It’s funny that we were six weeks into Dark Gathering and still technically circling around the possibility of Keitaro officially teaming up with Yayoi to do the spirit-hunting business. They’ve been getting into different ghostly shenanigans every week; it felt like the decision had been made for Keitaro, regardless of his reluctance! Nevertheless, after regularly meditating on the subject, our boy, at last, seems to have reached a definitive decision regarding his work/life/afterlife balance. It almost feels like those points when a light novel anime adaptation reaches the end of its first volume. Except Dark Gathering is based on a manga, so maybe it’s just that solidly structured overall.
With everything that’s led up to it, this episode is about further reinforcing the ways that Keitaro, Yayoi, and Eiko get on during the day and night shifts of their odd lives. Okay, Eiko mostly ends up damsel’d during the supernatural section. But given that we now know she’s somewhat into that as a vector for encouraging Keitaro’s further interactions with her, it still fits as far as framing her role here. And the first half, where we watch the trio hang out and get along during the camping trip, is great. All the establishment of their rapport in earlier episodes and how it leads into this one means we can fully believe in Keitaro’s resolution and decision to stick with them and face his spiritual struggles head-on.
It also means that Dark Gathering makes an effort to really advance the relationships between these characters. One of the key features of this episode comes when Keitaro and Eiko clearly state that they love each other by the end of it. The pair had always projected an air of romantically-interested childhood friends, a fairly standard setup in anime and manga like this. But to have them directly confirm it is an extra step, indicative of the story’s advancement this episode conveys and the ostensible maturity of these two as young adults rather than kids or teenagers. It also adds its flavor, thanks to contrasting with the lingering detail of how obsessed Eiko is with Keitaro and the way it motivates her manipulations of all these situations. They’ve built up layers to all this, meaning we can look forward to continuing depth from this goofy ghostbusting cartoon.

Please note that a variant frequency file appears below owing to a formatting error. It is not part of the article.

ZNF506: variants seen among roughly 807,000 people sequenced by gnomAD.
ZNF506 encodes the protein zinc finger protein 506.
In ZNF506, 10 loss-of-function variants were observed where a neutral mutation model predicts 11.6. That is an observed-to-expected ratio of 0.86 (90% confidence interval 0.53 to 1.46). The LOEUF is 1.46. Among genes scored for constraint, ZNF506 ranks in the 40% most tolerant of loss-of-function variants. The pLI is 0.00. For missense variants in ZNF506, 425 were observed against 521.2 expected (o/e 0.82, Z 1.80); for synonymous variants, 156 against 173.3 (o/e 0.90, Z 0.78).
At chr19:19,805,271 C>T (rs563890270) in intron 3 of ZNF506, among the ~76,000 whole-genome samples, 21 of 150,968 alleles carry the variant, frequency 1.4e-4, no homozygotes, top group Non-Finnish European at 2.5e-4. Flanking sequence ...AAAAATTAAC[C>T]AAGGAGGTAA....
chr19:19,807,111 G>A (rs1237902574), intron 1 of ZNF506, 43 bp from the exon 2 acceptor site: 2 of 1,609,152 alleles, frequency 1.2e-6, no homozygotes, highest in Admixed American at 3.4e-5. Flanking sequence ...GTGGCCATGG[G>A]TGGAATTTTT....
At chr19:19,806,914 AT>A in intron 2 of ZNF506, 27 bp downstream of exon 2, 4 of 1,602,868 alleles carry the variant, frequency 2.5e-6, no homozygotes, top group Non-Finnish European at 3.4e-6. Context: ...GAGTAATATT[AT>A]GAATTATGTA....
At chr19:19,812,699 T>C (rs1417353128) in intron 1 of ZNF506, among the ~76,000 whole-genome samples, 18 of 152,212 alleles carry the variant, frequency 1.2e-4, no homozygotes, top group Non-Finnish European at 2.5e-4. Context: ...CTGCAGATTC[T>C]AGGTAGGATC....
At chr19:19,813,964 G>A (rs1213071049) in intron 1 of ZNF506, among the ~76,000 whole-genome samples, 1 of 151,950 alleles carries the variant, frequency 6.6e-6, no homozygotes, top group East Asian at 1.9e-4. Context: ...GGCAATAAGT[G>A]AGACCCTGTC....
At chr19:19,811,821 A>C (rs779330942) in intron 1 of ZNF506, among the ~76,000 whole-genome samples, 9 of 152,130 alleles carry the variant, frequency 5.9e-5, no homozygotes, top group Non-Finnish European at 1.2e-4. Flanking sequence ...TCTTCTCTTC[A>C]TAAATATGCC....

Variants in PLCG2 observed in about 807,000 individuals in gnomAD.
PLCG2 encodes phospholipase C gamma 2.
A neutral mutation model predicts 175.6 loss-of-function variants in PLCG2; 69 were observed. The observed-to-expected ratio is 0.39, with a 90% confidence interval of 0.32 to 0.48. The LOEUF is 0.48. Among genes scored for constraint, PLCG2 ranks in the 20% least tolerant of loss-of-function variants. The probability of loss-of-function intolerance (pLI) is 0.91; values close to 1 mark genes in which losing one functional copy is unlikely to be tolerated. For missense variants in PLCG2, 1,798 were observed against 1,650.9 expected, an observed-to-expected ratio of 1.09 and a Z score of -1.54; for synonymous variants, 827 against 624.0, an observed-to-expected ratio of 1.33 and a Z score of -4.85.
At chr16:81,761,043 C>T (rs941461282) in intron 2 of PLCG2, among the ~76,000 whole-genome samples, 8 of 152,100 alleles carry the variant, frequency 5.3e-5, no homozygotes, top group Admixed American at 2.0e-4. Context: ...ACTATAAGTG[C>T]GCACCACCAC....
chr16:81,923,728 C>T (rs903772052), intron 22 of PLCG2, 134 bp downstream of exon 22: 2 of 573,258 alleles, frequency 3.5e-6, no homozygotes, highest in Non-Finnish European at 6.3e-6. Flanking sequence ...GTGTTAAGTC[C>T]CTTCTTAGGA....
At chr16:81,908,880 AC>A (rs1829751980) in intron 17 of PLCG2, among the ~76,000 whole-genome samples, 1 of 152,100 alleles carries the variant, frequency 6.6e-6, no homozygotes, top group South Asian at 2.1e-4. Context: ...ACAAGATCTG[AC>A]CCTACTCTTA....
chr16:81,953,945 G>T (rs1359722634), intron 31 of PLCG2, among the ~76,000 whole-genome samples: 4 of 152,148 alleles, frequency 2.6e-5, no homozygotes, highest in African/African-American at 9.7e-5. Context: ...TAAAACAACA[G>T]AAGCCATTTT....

All that said, I wish the said ghostbusting, which climactically codifies what this episode reaches, was a little more engaging. Setting it up is fine, especially as we realize it’s been a while since we saw Keitaro and Yayoi directly team up for this sort of thing. It feels like Keitaro’s been the one getting rescued more often than not, so this situation shows how effective the pair is when at least one of them isn’t compromised in some way. The problem is that the need for this episode to portray them as so effective ends up undercutting much of the tension that you’d hope this series would still serve up as a horror series.
It is somewhat neat at first, the way the storytelling in this episode flashes back to reveal how Yayoi and Keitaro anticipated aspects of grappling with these ghosts and prepared for them beforehand. The step-by-step technicalities of how Yayoi wrangles spirits have always been a specific selling point of Dark Gathering, and that appeal is still in play here. The problem is that I feel this episode repeats the trick just a couple of times too many, constantly serving up some surprising swerve in the struggle, only to go “Nope, actually our heroes were fully prepped for that part too!”. This extends to the final phase of the showdown, with Yayoi anticlimactically capturing the whole other half of the bunch of spirits off-camera in a skipped-over scene. This is supposed to be the big, decisive stretch that confirms how well Yayoi and Keitaro will be working together moving forward, so why does it play out like they’re just putting in a couple of hours of overtime at the office?
Even with that decidedly iffy storytelling choice, they still make some bits work interestingly. Specifically, when Keitaro is at risk of being overcome by possession, the art adds compelling visuals of him falling under and drowning in esoterically deep water, even as he lies in water that is physically shallow. I also appreciated seeing the cleansing sacred sake from last week make a comeback. It’ll be funny if that becomes a recurring combat option for these characters. Also, some of the tonal elements they eventually arrive at fulfill the show’s established vibes effectively, particularly in, once again, reiterating how extremely “Not Nice” Yayoi is in her approach to dealing with spirits. She’s in this for cold, hard vengeance, and both Keitaro and we better not forget that.
It all means I’m still reasonably satisfied here as Dark Gathering transitions into what it’s presenting as its next phase. We’ve learned a fair bit about these characters and how that leads to their connections clicking together. Aspects like Yayoi and Keitaro’s abilities complementing each other, or how Eiko’s eccentricities might complicate situations moving forward, serve as good springboards for future storytelling. I’m just a bit frustrated that this episode, which solidified all that, wasn’t itself a more exciting showcase of that potential.
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Chris knows that summer is the perfect time for spooky stories, and hopefully, it’s enough to distract him from this blistering Fresno heat wave. You can help distract him further by bothering him on his Twitter (for however much longer that lasts), or check out his less-scary musings over on his blog.